Unlikely healthcare alliance forming

Times Staff Writer

The leading small-business organization, a lobbying juggernaut that helped kill President Clinton’s health plan in the 1990s, plans to announce today that it is signing up with a diverse political coalition promoting access to affordable healthcare for all.

The National Federation of Independent Business will join AARP, the Service Employees International Union and the Business Roundtable -- which represents chief executives of major companies -- in an umbrella group called Divided We Fail. The effort is aimed at ensuring that healthcare and retirement security are at the top of the presidential candidates’ domestic agendas next year.

The strange bedfellows are trying to forestall the kind of political polarization that doomed Clinton’s healthcare plan, as well as President Bush’s effort to overhaul Social Security.


“What is missing right now is not policy ideas,” said Bill Novelli, CEO of AARP, the senior lobby. “There are lots of policy ideas. What is missing right now is political will.”

The new alliance does not mean that its members are united behind one specific approach to healthcare reform; significant disagreements still divide them.

But they do appear to agree on the need for action and -- with opinion polls showing widespread support for change -- they see their alliance as a vehicle for assuring that its members will have a role in formulating new policies.

“Access to affordable health insurance is the No. 1, No. 2 and No. 3 issue for small business across the United States,” said Todd Stottlemyer, president of the National Federation of Independent Business. “For us not to be at the table in any serious conversations makes no sense. There really can’t be a national debate about healthcare unless small business has a seat at the table.”

The NFIB and AARP were on opposite sides of the hard-fought healthcare reform debate of 1993-94. The small-business group, with about 350,000 members and representatives in practically every congressional district, proved to be one of the more formidable adversaries of the Clinton plan. Its members were particularly incensed over a proposal that would have required most employers to contribute to the cost of coverage.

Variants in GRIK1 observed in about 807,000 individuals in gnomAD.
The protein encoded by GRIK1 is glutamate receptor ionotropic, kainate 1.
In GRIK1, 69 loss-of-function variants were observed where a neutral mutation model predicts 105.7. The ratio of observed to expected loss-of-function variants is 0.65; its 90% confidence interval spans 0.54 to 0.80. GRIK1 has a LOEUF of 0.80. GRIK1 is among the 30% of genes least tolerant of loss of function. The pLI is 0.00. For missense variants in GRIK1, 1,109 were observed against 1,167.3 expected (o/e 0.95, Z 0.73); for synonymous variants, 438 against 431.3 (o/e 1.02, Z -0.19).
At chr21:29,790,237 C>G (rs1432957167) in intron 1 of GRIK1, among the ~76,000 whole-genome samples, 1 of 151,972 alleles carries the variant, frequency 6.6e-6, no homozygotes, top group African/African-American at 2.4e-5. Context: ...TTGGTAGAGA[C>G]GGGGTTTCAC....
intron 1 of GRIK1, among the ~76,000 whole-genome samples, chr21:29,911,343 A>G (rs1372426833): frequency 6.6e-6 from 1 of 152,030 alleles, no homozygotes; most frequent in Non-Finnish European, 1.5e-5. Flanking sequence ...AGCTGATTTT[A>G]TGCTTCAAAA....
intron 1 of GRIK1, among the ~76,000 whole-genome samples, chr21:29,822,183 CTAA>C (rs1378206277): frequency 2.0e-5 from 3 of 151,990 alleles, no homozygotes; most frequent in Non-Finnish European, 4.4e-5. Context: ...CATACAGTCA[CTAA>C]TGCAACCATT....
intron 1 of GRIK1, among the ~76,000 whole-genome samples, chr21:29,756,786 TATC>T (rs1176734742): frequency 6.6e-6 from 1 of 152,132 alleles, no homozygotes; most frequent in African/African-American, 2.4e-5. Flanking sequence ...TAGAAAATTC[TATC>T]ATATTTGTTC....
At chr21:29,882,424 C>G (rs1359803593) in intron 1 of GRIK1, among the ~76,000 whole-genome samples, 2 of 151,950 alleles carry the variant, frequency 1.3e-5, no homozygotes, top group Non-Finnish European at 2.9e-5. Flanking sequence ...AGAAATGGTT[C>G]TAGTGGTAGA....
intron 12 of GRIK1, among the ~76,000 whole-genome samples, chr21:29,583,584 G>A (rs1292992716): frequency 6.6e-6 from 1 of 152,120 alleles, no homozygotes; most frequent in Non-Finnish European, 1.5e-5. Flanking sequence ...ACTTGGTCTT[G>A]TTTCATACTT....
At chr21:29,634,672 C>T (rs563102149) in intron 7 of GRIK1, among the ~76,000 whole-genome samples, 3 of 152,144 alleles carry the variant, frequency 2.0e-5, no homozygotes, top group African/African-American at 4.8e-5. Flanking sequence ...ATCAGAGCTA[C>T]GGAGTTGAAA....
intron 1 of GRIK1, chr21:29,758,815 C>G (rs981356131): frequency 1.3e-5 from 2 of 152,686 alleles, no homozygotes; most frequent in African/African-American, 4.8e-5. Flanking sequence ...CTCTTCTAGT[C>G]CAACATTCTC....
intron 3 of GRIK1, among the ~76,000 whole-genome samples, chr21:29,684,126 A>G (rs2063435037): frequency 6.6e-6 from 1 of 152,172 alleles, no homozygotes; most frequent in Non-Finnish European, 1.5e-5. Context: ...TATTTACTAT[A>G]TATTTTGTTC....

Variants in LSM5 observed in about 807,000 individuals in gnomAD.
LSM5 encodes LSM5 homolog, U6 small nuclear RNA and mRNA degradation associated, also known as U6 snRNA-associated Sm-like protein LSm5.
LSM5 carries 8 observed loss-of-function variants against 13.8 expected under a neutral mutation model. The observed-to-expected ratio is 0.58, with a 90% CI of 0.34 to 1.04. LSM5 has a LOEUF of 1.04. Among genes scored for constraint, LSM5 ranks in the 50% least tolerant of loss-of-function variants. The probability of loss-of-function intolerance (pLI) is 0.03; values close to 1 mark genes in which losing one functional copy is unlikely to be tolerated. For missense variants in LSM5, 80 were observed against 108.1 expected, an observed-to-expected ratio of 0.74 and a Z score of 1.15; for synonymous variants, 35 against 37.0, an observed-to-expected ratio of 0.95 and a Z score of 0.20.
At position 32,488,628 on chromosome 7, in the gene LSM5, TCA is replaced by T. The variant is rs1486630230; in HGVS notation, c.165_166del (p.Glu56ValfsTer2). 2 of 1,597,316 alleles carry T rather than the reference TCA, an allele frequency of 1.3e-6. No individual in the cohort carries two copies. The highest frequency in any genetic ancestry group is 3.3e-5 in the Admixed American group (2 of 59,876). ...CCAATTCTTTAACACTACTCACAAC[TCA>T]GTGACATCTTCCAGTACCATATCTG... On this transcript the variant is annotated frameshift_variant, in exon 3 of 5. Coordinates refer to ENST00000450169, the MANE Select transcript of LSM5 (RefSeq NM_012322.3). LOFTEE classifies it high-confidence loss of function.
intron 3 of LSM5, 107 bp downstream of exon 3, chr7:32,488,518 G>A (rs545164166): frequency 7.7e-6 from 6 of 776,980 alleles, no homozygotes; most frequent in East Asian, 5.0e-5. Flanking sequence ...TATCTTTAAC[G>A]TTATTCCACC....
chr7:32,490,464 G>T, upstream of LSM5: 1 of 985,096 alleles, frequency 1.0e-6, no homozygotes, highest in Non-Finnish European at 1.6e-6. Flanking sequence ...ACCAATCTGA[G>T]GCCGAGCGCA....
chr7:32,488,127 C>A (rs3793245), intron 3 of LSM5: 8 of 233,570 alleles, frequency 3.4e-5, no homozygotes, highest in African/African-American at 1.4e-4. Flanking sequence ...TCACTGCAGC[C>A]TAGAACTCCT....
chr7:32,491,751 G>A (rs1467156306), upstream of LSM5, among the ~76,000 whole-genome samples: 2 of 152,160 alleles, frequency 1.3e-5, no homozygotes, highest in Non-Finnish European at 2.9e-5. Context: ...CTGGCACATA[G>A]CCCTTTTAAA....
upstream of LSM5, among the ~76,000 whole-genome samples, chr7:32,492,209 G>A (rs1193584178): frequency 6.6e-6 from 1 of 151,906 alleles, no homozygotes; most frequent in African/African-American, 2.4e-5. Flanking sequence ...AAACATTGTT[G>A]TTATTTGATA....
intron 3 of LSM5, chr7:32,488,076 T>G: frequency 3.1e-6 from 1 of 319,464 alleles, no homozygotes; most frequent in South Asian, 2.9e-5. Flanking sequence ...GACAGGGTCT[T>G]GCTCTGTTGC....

“They were vituperative,” said Ron Pollack, executive director of Families USA, a liberal advocacy group that supports coverage for all. “They were joined at the spine with the far right of the Republican Party.”

An estimated 60% of the 47 million uninsured people in the United States are small-business employees, owners and their family members.

The NFIB still opposes efforts to compel employers to pay for coverage, but Stottlemyer said the group’s members are alarmed that healthcare costs have only become more onerous and unpredictable since the collapse of the 1990s effort.

Sen. Hillary Rodham Clinton (D-New York), who as first lady played a lead role in developing and advocating her husband’s plan, has also shifted ground.

Her plan as a Democratic presidential candidate would require individuals to get coverage, with government assistance for those who can’t afford the entire cost. Large employers would have to contribute to the cost of workers’ coverage, but companies with 25 employees or fewer would get incentives in the form of tax credits to offer health coverage or maintain an existing plan.

Stottlemyer said the small-business group would bring to the table a strong emphasis on personal responsibility and controlling costs, as well as preference for market-based solutions instead of government programs.

The latter position could put it at odds with coalition partners AARP and SEIU.

“If we get down to the point of disagreement, we’ll arm-wrestle later,” said AARP’s Novelli.

Said Stottlemyer: “We have an obligation to at least actively listen to one another and engage with one another, instead of talking past one another or at one another.”